(8b) Has violated on a military installation a regulation of that installation prohibiting conduct substantially similar to conduct that constitutes impaired driving under G.S. 20-138.1 and, as a result of that violation, has had his privilege to drive on that installation revoked or suspended after an administrative hearing authorized by the commanding officer of the installation and that commanding officer has general court marital jurisdiction;
(9) Has, within a period of 12 months, been convicted of (i) two or more charges of speeding in excess of 55 and not more than 80 miles per hour, (ii) one or more charges or reckless driving and one or more charges of speeding in excess of 55 and not more than 80 miles per hour, or (iii) one or more charges of aggressive driving and one or more charges of speeding in excess of 55 and not more than 80 miles per hour;
(10) Has been convicted of operating a motor vehicle at a speed in excess of 75 miles per hour on a public road or highway where the maximum speed is less than 70 miles per hour;
10a) Has been convicted of operating a motor vehicle at a speed in excess of 75 miles per hour on a public highway where the maximum speed is 70 miles per hour; or
(11) Has been sentenced by a court of record and all or a part of the sentence has been suspended and a condition of suspension of the sentence is that the operator not operate a motor vehicle for a period of time.
20-138.1: Impaired driving
A person commits the offense of impaired driving if he drives any vehicle upon any highway, any street, or any public vehicular area within this State:
(1) While under the influence of an impairing substance; or
(2) After having consumed sufficient alcohol that he has, at any relevant time after the driving, an alcohol concentration of 0.08 or more.
The fact that a person charged with violating this section is or has been legally entitled to use alcohol or a drug is not a defense to a charge under this section.
In any prosecution for impaired driving, the pleading is sufficient if it states the time and place of the alleged offense in the usual form and charges that the defendant drove a vehicle on a highway or public vehicular area while subject to an impairing substance.
(d)Sentencing Hearing and Punishment
Impaired driving as defined in this section is a misdemeanor. Upon conviction of a defendant of impaired driving, the presiding judge must hold a sentencing hearing and impose punishment in accordance with G.S. 20-179.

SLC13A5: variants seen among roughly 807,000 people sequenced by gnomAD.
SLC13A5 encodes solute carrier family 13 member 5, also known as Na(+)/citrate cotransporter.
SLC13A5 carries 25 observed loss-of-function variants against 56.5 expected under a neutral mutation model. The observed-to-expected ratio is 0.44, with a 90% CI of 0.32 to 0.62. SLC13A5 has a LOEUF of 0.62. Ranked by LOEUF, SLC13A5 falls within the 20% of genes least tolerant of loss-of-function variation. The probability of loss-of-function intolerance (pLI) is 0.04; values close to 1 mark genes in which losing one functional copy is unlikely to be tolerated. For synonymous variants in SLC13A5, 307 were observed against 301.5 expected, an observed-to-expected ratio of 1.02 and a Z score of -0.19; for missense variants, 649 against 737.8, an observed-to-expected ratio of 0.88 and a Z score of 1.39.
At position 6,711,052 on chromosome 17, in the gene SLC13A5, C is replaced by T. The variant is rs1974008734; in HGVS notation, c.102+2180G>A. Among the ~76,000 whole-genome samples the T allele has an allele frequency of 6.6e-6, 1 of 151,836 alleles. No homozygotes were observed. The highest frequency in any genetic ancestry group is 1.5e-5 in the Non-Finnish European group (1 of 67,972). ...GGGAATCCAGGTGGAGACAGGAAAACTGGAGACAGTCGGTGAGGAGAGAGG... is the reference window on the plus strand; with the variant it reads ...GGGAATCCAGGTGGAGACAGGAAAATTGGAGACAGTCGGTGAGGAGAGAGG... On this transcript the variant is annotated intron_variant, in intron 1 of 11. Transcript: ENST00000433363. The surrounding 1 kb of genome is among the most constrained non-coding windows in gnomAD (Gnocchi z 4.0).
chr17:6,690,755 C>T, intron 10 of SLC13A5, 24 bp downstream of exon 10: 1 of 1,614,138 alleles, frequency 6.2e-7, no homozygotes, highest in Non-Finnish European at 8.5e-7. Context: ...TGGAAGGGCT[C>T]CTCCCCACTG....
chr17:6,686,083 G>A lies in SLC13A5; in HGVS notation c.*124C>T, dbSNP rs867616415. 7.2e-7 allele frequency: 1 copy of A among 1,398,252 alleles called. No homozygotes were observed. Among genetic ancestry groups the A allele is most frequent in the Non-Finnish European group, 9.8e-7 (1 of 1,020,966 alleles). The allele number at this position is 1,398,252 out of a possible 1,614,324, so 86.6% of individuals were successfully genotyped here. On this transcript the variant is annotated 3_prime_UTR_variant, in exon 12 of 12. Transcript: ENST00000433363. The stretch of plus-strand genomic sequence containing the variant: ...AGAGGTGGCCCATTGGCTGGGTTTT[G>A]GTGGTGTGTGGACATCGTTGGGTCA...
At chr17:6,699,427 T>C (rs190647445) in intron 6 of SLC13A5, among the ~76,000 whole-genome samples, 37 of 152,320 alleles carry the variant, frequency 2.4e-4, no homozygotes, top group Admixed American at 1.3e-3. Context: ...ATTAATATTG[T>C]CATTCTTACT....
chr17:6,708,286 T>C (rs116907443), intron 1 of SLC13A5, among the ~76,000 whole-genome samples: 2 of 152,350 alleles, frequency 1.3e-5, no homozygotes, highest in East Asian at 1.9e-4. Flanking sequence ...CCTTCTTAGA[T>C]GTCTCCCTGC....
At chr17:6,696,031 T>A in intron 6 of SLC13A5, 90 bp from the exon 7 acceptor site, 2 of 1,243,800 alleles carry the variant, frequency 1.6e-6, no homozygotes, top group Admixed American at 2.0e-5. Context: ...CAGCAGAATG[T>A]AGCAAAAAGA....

Notwithstanding the definition of “vehicle” pursuant to G.S. 20-4.01(49), for purposes of this section the word “vehicle” does not include a horse, bicycle, or lawnmower. (1983, c. 435, s. 24; 1989, c. 711, s. 2; 1993, c. 285, s. 1.)
20-138.3: Driving by person less than 21 years old after consuming alcohol or drugs.
It is unlawful for a person less than 21 years old to drive a motor vehicle on a highway or public vehicular area while consuming alcohol or at any time while he has remaining in his body any alcohol or controlled substance previously consumed, but a person less than 21 years old does not violate this section if he drives with a controlled substance in his body which was lawfully obtained and taken in therapeutically appropriate amounts.
(b)Subject to Implied-Consent Law
An offense under this section is an alcohol-related offense subject to the implied-consent provisions of G.S. 20-16.2.
The odor of an alcoholic beverage on the breath of the driver is insufficient evidence by itself to prove beyond a reasonable doubt that alcohol was remaining in the driver’s body in violation of this section unless the driver was offered an alcohol screening test or chemical analysis and refused to provide all required samples of breath or blood for analysis.
(b2)Alcohol Screening Test
Notwithstanding any other provision of law, an alcohol screening test may be administered to a driver suspected of violation of subsection (a) of this section, and the results of an alcohol screening test or the driver’s refusal to submit may be used by a law enforcement officer, a court, or an administrative agency in determining if alcohol was present in the driver’s body. No alcohol screening tests are valid under this section unless the device used is one approved by the Commission for Health Services, and the screening test is conducted in accordance with the applicable regulations of the Commission as to its manner and use.
(c)Punishment; Effect When Impaired Driving Offense Also Charged
The offense in this section is a Class 2 misdemeanor. It is not, in any circumstances, a lesser included offense of impaired driving under G.S. 20-138.1, but if a person is convicted under this section and of an offense involving impaired driving arising out of the same transaction, the aggregate punishment imposed by the court may not exceed the maximum applicable to the offense involving impaired driving, and any minimum punishment applicable shall be imposed.
(d)Limited Driving Privilege
A person who is convicted of violating subsection (a) of this section and whose drivers license is revoked solely based on that conviction may apply for a limited driving privilege as provided in G.S. 20-179.3. This subsection shall apply only if the person meets both of the following requirements:
(1) Is 18, 19, or 20 years old on the date of the offense.
(2) Has not previously been convicted of a violation of this section.